• Kelly Greer

    Joining you in thanking God for our heroes. So thankful your sister came home to you and I agree with you in praying for the many families who have known the sorrow of a loved one who paid the ultimate sacrifice. We are a blessed people and those who serve are a blessing.
    Hugs,
    Kelly

    • http://kriscamealy.com/ Kris Camealy

      We are blessed indeed, Kelly. Thank you, sweet friend.

  • http://www.royallittlelambs.com/ Jennifer Lambert

    Thank you for this glimpse into a special relationship. As a military wife and daughter, I love your tribute to your courageous sister. Thank you.

    • http://kriscamealy.com/ Kris Camealy

      I am also a military daughter, Jennifer. I am continually grateful for our military families and the sacrifices they make. Tell your husband, thank you, for me.

      • http://www.royallittlelambs.com/ Jennifer Lambert

        We appreciate it, friend!

  • http://www.amylearns.com/ Amy Tilson

    THis is beautiful, Kris! Thanks for the way you share your family through your gift of story. Thank her for me personally next chance you get.

    • http://kriscamealy.com/ Kris Camealy

      Bless you, Amy. Thank you for your kindness, my friend. XO

  • Julie Reynolds

    As usual your words bring a catch to my throat and tears to my eyes. Beautiful my friend, thank your sister for me. As a vet’s wife I know they do not get thanked enough.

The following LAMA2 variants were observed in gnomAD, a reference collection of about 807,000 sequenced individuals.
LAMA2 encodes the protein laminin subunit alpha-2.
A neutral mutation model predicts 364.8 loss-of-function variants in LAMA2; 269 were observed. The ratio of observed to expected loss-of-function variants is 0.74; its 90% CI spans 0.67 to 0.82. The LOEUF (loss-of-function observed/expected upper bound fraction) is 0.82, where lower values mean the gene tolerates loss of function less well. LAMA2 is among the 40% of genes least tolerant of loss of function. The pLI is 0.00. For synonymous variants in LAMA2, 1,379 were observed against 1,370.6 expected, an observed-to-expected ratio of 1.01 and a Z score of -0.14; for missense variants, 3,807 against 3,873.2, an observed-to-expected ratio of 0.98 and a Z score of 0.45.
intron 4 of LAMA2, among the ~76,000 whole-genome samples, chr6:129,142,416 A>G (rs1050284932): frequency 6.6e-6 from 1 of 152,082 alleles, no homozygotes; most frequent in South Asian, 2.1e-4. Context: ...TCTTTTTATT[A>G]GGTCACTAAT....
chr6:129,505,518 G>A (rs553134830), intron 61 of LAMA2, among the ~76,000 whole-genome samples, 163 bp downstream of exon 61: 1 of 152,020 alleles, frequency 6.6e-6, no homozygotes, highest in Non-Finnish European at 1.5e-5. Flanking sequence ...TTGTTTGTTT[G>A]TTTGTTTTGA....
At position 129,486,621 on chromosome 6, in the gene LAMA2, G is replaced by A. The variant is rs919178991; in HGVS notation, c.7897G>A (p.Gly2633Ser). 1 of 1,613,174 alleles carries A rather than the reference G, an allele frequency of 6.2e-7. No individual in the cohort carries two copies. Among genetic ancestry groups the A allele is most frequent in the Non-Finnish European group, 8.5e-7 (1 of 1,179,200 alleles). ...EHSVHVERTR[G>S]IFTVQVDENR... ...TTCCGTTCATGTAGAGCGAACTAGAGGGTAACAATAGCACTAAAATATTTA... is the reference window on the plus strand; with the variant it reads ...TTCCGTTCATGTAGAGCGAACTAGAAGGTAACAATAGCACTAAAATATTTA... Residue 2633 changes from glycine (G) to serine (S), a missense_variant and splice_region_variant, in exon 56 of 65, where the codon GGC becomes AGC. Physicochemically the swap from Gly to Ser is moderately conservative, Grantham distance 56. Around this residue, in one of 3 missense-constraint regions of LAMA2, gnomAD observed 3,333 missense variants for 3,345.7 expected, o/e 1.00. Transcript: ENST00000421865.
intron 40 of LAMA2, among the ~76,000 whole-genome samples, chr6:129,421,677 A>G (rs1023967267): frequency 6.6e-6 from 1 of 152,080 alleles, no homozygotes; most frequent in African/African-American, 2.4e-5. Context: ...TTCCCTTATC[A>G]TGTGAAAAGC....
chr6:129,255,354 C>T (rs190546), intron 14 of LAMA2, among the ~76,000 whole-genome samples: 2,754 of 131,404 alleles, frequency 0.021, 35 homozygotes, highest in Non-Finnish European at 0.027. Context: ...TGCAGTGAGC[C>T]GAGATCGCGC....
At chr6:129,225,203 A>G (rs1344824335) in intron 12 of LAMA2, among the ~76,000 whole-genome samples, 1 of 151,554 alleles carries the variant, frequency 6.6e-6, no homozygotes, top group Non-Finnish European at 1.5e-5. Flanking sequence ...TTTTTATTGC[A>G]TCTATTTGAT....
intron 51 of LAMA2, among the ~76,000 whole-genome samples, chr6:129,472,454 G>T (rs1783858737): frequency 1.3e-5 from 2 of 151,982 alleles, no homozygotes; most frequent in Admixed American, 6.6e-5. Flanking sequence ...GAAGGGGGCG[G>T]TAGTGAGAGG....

• http://kriscamealy.com/ Kris Camealy

      indeed. Thank you feels so small considering all they do. Hug your husband for me, and tell Him I say thanks. it is a gift he has given this country.

  • Mandy @ lifefaithful.blogspot

    I am thankful for your family and their service, and rejoice for the sister who got to welcome her sister home. I know what the waiting is like, the prayers sent up with every mention of war or Iraq or simply because in that instant you remembered a sibling so far away from home. Unfortunately, I also know the unspeakable heartache that comes from welcoming home a flag draped coffin instead of throwing arms around a neck. My brother served–and died–in Iraq in 2004.

    So again, thank you. Both to your family for serving and to you for remembering the empty seats.

    • http://kriscamealy.com/ Kris Camealy

      Mandy, Oh my. I am so terribly sorry for the loss of your brother. Oh my heart breaks for you, friend. I can only imagine the hollow space you live with, in his absence. please know how deeply grateful I am for your family, for the service your brother offered, for the life he lived, willing to risk, and pay the ultimate price, on our behalf. Just weeping here with you. ((hugs))

  • http://kriscamealy.com/ Kris Camealy

    Thank you for reading, Jennifer. You are a blessing.

  • Leah Beecher

    What a beautifully written post and tribute to your service and servicemen and women everywhere. Well done.
    Cheers,
    Leah

  • Pingback: Weekend Wanderings - Kris Camealy | Kris Camealy()